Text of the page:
Spacing in raised beds is different from that in row gardens. Basically, row gardens have more room to go around than raised beds do, so they can give all that room to each plant, and the gardener can walk up to each plant and examine it carefully.
OTOH, in a raised bed, the gardener can reach in from any side/end and tend to any given plant. Therefore, he/she need not be able to walk
to each plant (one of the reasons for the row-garden spacings). Thus the recommended spacings for raised-bed plants are based on the mature sizes of the plants.
How big will X plant be when mature? ==> Then plant the seeds/transplants that far apart. Example:
If you're planting beets (a good possibility this time of year, at least in the Northern Hemisphere) which are 3" in diameter when mature, plant the seeds at least 3" if not 4" apart to give the beets enough room to develop. Be ready to thin them down to this spacing, too, when the seeds send up multiple seedlings. Beet seeds (and chard, same plant, just bred for root vs. leaf development) are little seed clusters. If you can look at one under a magnifying glass, you'll see their potential for sending up so many "plantlings."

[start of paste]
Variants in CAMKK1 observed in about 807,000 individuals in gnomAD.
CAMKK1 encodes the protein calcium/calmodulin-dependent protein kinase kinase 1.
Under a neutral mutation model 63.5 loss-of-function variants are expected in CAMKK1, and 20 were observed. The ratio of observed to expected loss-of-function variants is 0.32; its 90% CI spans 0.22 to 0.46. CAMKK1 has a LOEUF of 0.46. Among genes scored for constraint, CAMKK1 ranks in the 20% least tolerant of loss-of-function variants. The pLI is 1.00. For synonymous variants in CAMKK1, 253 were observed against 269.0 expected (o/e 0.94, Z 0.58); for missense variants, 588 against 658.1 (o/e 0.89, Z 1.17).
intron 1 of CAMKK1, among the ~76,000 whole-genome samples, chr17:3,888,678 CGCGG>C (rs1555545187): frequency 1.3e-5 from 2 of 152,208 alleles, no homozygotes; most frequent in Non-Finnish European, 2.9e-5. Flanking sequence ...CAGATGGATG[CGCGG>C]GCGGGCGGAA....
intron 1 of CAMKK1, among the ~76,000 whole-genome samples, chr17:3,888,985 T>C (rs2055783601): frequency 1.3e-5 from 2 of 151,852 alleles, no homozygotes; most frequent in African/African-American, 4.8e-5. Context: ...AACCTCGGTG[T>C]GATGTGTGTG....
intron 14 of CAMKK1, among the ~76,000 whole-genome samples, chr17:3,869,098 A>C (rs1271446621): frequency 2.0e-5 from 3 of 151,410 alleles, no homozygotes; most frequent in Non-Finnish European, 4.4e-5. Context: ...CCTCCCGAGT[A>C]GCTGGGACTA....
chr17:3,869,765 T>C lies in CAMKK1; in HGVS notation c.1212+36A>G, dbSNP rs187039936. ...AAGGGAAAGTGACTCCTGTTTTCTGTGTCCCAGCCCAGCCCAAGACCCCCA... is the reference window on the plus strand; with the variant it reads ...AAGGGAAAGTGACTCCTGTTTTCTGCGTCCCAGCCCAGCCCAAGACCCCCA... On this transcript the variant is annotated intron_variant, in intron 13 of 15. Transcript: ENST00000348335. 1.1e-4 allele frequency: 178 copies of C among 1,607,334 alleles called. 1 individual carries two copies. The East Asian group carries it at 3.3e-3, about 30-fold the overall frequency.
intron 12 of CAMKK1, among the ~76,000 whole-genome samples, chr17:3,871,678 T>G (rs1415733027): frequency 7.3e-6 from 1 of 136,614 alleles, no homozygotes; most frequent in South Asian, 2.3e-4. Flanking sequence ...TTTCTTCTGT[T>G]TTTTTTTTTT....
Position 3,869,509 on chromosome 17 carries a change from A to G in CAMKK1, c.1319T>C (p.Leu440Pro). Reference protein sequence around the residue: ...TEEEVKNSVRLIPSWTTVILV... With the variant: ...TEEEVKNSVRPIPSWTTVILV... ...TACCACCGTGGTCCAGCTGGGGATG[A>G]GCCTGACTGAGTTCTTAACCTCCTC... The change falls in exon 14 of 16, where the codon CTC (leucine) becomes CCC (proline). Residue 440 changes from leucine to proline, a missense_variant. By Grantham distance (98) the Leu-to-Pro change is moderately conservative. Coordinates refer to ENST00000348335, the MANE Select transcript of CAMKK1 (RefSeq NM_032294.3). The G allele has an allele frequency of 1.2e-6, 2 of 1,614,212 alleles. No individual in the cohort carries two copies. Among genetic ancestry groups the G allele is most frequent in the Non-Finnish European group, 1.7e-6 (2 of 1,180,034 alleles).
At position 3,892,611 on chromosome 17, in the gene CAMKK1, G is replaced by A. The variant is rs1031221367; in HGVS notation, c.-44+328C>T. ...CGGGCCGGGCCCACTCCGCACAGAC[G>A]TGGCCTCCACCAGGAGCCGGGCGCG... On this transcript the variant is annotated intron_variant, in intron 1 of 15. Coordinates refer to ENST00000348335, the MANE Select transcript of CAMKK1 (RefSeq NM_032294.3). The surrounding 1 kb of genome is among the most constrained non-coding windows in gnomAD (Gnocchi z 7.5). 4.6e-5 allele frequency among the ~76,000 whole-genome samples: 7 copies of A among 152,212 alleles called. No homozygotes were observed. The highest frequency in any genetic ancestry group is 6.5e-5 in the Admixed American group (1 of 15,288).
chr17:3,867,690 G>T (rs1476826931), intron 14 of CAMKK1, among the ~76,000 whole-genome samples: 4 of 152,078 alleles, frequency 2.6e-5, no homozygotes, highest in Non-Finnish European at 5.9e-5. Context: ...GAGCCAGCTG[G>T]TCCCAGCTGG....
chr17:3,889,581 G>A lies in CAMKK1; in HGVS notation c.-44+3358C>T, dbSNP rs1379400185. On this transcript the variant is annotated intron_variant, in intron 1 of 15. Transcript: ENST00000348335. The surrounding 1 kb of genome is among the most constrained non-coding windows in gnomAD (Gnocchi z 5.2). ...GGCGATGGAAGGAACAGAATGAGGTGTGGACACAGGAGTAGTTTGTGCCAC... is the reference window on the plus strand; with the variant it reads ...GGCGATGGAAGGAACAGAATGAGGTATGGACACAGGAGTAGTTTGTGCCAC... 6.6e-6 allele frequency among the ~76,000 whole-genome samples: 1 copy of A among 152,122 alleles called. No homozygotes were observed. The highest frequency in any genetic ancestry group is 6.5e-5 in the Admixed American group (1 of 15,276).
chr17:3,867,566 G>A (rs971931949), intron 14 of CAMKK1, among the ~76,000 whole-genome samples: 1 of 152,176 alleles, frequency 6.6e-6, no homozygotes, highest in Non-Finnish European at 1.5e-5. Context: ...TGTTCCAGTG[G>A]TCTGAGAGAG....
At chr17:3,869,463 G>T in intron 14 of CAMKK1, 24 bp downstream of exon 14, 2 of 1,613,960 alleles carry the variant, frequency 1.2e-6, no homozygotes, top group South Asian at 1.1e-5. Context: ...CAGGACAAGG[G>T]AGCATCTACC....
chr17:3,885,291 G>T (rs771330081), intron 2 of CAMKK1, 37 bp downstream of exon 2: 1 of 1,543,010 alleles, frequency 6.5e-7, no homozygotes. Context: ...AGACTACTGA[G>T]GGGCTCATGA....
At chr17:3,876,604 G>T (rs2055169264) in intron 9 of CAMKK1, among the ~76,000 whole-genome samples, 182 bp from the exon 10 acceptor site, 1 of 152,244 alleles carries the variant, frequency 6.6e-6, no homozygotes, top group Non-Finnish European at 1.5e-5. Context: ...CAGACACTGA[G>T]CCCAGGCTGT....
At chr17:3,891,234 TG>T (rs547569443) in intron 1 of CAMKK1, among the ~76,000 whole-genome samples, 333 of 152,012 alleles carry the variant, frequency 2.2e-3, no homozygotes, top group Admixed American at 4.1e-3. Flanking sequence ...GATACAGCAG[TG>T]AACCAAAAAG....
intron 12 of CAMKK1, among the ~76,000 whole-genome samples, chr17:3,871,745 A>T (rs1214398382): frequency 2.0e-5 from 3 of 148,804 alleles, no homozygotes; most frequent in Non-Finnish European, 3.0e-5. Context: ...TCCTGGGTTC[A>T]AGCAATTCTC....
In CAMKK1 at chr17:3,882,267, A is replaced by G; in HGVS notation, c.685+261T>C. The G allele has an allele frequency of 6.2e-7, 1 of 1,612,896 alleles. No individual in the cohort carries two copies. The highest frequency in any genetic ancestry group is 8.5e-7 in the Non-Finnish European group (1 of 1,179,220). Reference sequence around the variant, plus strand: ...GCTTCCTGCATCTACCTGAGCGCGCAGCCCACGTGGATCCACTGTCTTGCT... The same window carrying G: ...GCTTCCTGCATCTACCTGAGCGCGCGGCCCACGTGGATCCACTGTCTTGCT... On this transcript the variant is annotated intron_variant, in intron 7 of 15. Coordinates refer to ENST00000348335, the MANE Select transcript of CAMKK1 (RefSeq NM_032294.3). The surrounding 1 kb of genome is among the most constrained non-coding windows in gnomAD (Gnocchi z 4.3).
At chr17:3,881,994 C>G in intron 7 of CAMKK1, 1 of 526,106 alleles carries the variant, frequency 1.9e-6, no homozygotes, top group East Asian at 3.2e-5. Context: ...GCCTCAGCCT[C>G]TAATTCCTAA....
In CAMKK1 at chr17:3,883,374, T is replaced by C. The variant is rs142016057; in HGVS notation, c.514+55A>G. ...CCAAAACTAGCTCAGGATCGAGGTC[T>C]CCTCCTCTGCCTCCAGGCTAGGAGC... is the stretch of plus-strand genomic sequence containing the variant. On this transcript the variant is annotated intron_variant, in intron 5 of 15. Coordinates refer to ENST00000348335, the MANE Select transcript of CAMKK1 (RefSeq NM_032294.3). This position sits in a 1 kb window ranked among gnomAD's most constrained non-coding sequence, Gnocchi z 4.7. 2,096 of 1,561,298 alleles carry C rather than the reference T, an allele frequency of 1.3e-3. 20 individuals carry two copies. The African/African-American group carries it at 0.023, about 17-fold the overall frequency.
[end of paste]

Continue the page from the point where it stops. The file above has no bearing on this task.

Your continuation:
Another principle is interplanting. It's not necessary to plant all the (say) beets together here
and all the kale together there
; they can be planted among each other. This is more important in hot weather, when plants that want slightly less heat can be planted in the shade of those that want slightly more heat.
For good diagrams of how this works, see Jon Jeavons' [url=https://www.bountifulgardens.org/prodinfo.asp?number=BEA-0301]How to Grow More Vegetables....
[/url]. He uses triangular or hexagonal spacing for seed placement rather than lines/squares. (The link I've provided is to Jeavons' own organization.)
Mel Bartholomew (Square Foot Gardening
) has yet another system. I used his system quite conscientiously when I returned to gardening in 2008 after a long hiatus (car accident), but got more return for my efforts with Jeavons' approach.
Sunset Zone 17, USDA Zone 9